Eric Powell and The Goon or Why was I not reading this all along?

The cover to issue # 34–and yes, they are picking on the Twilight films.

At this year’s C2E2, I made a point of looking for books and creators I had previously not seen.  Sometimes it is just that I had not been exposed to them, but more often it was something that most fans of comics can identify with:  the “I really should give this book a read SOMEDAY” syndrome.  There are lots of great books that manage to survive because of a core following and the fact that they are a labor of love for the creators.  They can last for years sometimes and never sell more than a few thousand copies an issue, never getting the chance to be seen by a wider audience.  Others are popular enough to survive comfortably, but never really take off to a level that the book deserves.

One book that had been on my personal “SOMEDAY” list was Eric Powell’s The Goon.  Eric was there this year, so I made a point to go over and talk with him about The Goon and see if it was something I should be reading.  I spent several minutes speaking with him about the title and found out things that the anal fan-boy in me needs to know before jumping into a new title, particularly a creator owned one.  We have all been burned by creators that fail to live up to the promise, or simply fail to put out the book.  James Owen’s Starchild is a great example of a creator that had a great book and failed to keep it up.  Sometimes he would manage only an issue or two per year, even leaving the book hanging in the middle of an ongoing arc. as far as I could ever find, the series most current arc, ended in April of 1998 with issue four, part one of a new arc.  We all have stories like this in our reading history, so I am quick to see if there is a good track record of the creator sticking to it and wanting to tell stories.

The Goon first appeared in Avatar Press’ Dreamwalker #0 in 1998, quickly making the jump to his own eponymous title in a few months.  There were publisher related delays at first, but landed at Dark Horse in 2003.  While Powell does step away from the book periodically to work on other projects, he always comes back to this title.  Up to issue # 39 so far, this title is released a little irregularly, like most creator owned books.  There have been a few years where only a couple of issues have come out, due mostly to other projects like Chimichanga, an odd little story more for younger readers.  The Goon is up to ten collected trade editions with number eleven coming in a couple of weeks.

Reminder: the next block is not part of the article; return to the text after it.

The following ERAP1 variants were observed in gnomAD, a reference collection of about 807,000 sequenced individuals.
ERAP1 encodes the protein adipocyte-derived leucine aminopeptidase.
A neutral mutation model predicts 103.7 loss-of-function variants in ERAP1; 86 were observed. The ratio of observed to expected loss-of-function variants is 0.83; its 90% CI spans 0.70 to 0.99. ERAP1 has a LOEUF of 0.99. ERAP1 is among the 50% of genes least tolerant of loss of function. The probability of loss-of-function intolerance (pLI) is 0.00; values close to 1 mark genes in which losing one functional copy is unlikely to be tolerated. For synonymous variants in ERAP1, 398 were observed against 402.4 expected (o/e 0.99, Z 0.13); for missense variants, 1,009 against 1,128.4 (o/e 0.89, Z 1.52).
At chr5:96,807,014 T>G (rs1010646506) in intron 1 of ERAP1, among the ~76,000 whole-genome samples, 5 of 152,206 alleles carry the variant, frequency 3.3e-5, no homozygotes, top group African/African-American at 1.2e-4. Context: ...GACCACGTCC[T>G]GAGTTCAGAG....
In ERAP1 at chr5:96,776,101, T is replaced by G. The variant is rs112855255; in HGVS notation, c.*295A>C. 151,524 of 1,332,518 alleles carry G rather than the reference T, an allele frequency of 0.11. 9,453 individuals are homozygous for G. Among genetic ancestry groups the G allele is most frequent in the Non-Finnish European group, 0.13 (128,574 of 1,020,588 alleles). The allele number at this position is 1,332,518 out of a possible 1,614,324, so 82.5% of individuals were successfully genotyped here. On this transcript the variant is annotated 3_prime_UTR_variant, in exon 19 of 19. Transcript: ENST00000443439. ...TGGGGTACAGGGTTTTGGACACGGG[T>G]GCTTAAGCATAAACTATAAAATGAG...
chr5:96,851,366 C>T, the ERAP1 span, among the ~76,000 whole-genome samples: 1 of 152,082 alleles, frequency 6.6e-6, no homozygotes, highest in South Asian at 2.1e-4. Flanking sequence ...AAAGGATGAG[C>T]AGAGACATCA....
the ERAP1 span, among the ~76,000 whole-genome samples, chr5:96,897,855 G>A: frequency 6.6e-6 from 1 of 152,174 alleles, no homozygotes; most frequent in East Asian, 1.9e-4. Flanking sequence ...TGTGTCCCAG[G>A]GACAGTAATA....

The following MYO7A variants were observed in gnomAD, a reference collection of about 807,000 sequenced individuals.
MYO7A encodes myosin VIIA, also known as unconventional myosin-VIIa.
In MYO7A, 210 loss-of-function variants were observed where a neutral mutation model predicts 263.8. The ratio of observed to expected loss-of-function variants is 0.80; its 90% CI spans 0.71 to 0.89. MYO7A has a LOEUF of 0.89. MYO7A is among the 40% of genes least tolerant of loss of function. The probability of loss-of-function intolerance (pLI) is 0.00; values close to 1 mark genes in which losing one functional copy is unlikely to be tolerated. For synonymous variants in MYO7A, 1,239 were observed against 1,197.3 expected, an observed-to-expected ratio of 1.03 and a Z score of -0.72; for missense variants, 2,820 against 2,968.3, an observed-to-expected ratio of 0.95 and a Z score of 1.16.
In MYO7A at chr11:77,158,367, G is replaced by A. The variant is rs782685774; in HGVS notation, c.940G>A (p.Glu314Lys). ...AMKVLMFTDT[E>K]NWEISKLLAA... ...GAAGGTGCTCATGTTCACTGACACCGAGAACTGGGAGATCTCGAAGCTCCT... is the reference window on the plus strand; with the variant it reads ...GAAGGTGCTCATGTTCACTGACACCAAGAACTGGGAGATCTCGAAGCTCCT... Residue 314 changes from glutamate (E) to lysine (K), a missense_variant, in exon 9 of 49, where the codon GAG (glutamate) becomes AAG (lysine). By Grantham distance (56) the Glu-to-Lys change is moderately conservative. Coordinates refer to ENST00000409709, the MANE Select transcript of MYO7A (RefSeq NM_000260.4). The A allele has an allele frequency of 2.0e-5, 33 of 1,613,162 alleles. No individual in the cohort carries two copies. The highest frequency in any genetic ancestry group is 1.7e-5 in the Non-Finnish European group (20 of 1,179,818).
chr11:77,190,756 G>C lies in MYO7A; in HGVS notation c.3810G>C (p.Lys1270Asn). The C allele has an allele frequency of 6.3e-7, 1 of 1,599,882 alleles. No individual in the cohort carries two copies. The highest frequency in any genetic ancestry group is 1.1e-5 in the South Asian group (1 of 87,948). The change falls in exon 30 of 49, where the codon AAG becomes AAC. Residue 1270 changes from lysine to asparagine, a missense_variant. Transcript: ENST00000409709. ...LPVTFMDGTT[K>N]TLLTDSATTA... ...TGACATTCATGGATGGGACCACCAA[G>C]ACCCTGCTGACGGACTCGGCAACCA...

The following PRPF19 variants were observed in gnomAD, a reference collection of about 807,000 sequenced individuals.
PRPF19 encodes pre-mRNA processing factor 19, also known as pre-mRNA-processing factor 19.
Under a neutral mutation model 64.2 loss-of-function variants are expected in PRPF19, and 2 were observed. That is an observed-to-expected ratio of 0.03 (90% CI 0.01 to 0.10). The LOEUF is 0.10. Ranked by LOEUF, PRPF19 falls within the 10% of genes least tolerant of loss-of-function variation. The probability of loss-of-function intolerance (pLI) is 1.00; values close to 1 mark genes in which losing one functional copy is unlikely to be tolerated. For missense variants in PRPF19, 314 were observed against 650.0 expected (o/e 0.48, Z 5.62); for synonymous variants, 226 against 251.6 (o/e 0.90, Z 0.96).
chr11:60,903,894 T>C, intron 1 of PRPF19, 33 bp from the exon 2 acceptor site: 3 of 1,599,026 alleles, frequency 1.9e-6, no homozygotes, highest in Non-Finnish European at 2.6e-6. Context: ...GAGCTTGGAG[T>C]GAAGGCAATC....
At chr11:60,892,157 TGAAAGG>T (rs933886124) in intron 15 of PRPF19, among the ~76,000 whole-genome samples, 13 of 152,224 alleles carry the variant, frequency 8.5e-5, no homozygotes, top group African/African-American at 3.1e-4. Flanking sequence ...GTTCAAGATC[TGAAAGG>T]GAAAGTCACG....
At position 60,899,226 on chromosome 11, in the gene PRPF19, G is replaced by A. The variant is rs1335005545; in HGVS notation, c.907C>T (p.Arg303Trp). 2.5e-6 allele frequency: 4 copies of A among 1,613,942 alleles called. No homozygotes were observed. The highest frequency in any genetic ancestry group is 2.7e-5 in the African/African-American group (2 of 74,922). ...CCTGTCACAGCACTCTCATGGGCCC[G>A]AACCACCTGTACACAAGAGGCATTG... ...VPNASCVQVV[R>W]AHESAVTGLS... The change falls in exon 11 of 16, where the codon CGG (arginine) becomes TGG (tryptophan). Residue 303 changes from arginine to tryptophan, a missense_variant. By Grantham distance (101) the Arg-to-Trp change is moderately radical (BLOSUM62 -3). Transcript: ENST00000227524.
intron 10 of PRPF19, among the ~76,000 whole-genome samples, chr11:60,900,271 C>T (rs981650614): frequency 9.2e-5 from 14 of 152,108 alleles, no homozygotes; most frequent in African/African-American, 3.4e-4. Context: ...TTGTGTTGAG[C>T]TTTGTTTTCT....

The book is continuity soft, meaning that the trades can really be read in most any order (another anal fan-boy question I asked Mr Powell when we spoke), but I am still doing them in release order.  The title is all about the daily adventures of The Goon and his pal Franky, two tough guys living in a dark town infested with zombies (slack jaws) and other slimy undead creatures.  Combining equal parts horror and humor, this violent book, while rarely excessive, is definitely not for younger readers, but it is some silly fun reading.  It is an adventure comic with lots of odd characters and history being told along with the main stories.  One of the faults that many creator owned books have is a lack of depth.  The characters are one-dimensional or just under developed, showing that very little thought went into the book’s creation.  This is not the case here and the world seems fully formed almost immediately.  Things start off right away neither assuming familiarity with the world, or spoon-feeding you everything.  You get what you need to know as the book flows.  If you don’t need a bit of the back story for a particular book, you are not given it.  If you do, even if it was covered in a previous issue, it is worked in to the current story in a fresh way that works well and keeps the interest of even the long time reader.

Issue # 39. Freely abusing everything stupid about comics.

An example of books with a similar feel would be Atomic Robo and Nextwave (for the silly adventure aspects) and Paul Chadwick’s Concrete (for the surprising depth and intelligence the book is written with), there is a little of everything here.  There are monsters and genre parody, the recent issue picking on the Twilight franchise was a real treat.  Industry satire (see the cover at right) and monsters getting splattered!

With a huge supporting cast and piles of undead mayhem, this is a great book that will have me as a fan for as long as Powell keeps giving me stories to read, and anyone that likes fun, silly and violent books that never take themselves too seriously and don’t abuse the reader will love this book.

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